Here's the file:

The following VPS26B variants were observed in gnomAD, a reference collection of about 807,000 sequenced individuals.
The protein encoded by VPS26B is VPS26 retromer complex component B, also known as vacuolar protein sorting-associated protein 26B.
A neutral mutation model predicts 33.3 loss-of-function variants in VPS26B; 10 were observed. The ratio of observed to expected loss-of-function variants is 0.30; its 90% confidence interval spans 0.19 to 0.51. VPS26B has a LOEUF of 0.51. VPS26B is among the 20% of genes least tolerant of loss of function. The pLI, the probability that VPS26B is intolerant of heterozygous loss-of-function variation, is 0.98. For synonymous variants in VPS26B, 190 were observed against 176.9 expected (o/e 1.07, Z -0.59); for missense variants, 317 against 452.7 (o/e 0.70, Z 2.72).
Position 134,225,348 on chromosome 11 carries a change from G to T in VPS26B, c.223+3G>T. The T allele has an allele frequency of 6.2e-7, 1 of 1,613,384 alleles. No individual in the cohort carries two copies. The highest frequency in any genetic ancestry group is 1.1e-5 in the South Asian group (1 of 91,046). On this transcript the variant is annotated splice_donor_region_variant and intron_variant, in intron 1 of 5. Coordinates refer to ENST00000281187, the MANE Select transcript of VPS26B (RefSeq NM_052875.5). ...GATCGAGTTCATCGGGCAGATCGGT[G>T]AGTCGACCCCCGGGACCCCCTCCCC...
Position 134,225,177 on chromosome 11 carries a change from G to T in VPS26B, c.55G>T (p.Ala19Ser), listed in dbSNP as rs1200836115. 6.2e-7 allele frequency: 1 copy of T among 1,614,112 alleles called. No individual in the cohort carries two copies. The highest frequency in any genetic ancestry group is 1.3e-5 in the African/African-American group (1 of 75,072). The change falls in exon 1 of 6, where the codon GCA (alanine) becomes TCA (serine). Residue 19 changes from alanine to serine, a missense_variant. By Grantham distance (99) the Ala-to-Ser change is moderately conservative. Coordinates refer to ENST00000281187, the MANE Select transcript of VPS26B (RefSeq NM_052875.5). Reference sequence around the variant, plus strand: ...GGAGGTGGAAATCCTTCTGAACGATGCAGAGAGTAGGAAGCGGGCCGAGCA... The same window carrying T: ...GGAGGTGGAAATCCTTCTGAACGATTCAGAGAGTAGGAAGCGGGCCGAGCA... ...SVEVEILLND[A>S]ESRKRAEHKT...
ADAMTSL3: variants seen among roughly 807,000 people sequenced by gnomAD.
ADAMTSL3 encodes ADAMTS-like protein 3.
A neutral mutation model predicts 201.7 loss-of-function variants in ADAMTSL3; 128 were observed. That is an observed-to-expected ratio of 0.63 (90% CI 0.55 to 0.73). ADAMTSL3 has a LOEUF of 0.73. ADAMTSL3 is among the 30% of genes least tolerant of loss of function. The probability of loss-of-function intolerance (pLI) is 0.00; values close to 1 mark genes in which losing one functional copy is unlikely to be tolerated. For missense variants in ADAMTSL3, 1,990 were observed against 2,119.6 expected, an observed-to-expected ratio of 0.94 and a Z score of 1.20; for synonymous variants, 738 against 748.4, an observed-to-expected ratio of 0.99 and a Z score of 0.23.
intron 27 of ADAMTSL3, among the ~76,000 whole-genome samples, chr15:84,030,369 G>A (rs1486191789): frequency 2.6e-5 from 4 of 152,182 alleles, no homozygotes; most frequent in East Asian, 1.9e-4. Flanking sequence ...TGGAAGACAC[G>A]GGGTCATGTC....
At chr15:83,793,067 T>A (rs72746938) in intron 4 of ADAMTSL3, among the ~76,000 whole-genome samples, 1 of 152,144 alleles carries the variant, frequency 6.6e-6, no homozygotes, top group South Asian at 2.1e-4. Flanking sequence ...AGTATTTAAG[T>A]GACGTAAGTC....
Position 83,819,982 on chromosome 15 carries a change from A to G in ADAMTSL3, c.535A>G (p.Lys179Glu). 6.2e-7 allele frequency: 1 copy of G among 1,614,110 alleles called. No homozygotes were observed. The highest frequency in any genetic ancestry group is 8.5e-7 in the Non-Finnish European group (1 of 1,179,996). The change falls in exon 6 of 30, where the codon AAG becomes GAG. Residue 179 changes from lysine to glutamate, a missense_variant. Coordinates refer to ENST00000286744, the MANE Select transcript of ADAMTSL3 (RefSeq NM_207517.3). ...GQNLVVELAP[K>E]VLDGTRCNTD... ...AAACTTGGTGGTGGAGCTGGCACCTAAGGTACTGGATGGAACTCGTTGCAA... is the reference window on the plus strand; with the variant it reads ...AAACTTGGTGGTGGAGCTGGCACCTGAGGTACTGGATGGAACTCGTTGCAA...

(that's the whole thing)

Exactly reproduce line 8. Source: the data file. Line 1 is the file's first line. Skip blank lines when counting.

A neutral mutation model predicts 201.7 loss-of-function variants in ADAMTSL3; 128 were observed. That is an observed-to-expected ratio of 0.63 (90% CI 0.55 to 0.73). ADAMTSL3 has a LOEUF of 0.73. ADAMTSL3 is among the 30% of genes least tolerant of loss of function. The probability of loss-of-function intolerance (pLI) is 0.00; values close to 1 mark genes in which losing one functional copy is unlikely to be tolerated. For missense variants in ADAMTSL3, 1,990 were observed against 2,119.6 expected, an observed-to-expected ratio of 0.94 and a Z score of 1.20; for synonymous variants, 738 against 748.4, an observed-to-expected ratio of 0.99 and a Z score of 0.23.